Current treatment options for Alzheimer's disease (AD) are limited to medications that reduce dementia symptoms. Given the rapidly ageing populations in most areas of the world, new therapeutic interventions for AD are urgently needed. In recent years, a number of drug candidates targeting the amyloid-ß (Aß) peptide have advanced into clinical trials; however, most have failed because of safety issues or lack of efficacy. The Aß peptide is central to the pathogenesis, and immunotherapy against Aß has attracted considerable interest. It offers the possibility to reach the target with highly specific drugs. Active immunization and passive immunization have been the most widely studied approaches to immunotherapy of AD. A favourable aspect of active immunization is the capacity for a small number of vaccinations to generate a prolonged antibody response. A potential disadvantage is the variability in the antibody response across patients. The potential advantages of passive immunotherapy include the reproducible delivery of a known amount of therapeutic antibodies to the patient and rapid clearance of those antibodies if side effects develop. A disadvantage is the requirement for repeated infusions of antibodies over time. After more than a decade of research, anti-amyloid immunotherapy remains one of the most promising emerging strategies for developing disease-modifying treatments for AD. In this review, we examine the presently ongoing Aß-directed immunotherapies that have passed clinical development Phase IIa.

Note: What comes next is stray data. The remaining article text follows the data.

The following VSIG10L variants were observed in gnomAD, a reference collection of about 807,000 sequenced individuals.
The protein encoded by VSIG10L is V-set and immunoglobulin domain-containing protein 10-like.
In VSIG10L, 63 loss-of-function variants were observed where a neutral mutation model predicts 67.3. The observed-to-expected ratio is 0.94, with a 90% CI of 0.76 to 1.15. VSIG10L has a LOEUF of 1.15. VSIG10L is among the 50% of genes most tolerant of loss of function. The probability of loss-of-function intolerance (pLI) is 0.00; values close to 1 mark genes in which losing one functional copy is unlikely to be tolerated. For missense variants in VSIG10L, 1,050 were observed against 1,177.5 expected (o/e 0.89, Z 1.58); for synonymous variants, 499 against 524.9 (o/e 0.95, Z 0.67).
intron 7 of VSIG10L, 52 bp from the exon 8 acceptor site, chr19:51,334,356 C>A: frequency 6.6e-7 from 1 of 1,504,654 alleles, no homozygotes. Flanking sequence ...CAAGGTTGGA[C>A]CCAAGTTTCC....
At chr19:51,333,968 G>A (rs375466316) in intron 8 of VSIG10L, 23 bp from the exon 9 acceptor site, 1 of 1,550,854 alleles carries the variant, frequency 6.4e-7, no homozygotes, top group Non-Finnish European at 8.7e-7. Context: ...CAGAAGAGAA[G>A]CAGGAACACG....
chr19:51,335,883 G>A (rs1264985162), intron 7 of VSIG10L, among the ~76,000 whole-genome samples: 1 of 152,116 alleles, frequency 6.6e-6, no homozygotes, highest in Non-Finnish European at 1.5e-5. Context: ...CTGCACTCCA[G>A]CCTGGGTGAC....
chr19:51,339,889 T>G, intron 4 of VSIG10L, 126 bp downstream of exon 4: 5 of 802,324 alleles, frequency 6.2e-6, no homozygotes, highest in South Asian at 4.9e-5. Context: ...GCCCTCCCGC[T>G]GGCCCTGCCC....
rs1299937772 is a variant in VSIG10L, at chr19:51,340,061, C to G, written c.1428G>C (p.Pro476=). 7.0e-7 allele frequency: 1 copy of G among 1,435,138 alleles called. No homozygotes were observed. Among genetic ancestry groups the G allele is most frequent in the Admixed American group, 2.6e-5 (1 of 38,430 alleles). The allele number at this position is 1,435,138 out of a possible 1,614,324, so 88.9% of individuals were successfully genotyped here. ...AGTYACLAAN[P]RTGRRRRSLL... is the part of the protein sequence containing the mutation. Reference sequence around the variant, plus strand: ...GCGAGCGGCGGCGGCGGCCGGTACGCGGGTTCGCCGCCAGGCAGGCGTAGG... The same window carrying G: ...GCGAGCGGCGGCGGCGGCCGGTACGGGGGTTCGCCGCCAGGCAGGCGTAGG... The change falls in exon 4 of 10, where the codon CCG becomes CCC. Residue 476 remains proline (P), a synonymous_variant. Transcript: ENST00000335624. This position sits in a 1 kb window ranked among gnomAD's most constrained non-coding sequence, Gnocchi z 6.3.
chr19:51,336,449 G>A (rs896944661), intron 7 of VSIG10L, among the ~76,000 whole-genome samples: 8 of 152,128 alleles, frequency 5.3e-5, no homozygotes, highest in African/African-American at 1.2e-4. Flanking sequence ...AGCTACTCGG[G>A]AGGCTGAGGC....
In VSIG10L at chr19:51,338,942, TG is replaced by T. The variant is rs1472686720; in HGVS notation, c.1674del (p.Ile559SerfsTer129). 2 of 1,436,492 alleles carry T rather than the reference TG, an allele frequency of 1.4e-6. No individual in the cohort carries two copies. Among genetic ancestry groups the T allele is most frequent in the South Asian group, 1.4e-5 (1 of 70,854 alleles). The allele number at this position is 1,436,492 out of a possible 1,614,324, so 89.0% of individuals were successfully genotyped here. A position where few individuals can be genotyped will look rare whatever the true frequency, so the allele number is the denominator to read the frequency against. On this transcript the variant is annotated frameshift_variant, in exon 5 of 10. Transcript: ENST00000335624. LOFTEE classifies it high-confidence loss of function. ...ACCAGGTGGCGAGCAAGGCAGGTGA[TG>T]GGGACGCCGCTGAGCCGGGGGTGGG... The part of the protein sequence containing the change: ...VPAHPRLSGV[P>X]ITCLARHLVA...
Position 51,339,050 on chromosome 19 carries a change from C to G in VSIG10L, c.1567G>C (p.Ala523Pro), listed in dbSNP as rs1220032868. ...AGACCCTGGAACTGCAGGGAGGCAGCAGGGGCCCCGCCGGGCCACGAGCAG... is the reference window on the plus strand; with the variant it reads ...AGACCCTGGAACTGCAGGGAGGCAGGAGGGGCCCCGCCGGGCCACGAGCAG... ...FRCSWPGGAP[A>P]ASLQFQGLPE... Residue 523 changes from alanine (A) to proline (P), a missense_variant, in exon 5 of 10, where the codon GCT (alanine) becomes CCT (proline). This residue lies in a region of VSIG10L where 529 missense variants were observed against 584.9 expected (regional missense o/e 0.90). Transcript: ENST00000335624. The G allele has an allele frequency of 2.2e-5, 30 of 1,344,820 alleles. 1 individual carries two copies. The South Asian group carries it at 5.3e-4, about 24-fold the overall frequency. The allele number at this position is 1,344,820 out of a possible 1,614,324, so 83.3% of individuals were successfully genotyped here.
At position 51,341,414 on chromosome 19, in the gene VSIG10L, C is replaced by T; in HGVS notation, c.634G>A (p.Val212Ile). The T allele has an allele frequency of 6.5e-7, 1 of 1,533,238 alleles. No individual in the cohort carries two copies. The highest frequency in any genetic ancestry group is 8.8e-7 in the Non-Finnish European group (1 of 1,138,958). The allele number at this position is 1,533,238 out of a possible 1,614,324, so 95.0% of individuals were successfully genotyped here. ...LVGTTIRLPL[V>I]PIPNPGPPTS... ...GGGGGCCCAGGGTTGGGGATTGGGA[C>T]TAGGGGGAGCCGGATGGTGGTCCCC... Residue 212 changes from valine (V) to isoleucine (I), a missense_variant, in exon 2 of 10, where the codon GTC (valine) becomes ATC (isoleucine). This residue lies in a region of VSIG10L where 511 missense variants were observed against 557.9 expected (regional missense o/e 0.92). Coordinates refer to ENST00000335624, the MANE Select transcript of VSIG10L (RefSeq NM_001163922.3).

Keywords: Alzheimer's disease; amyloid-beta; clinical trials; immunotherapy.
© 2014 The Authors. Journal of Internal Medicine published by John Wiley & Sons Ltd on behalf of The Association for the Publication of the Journal of Internal Medicine.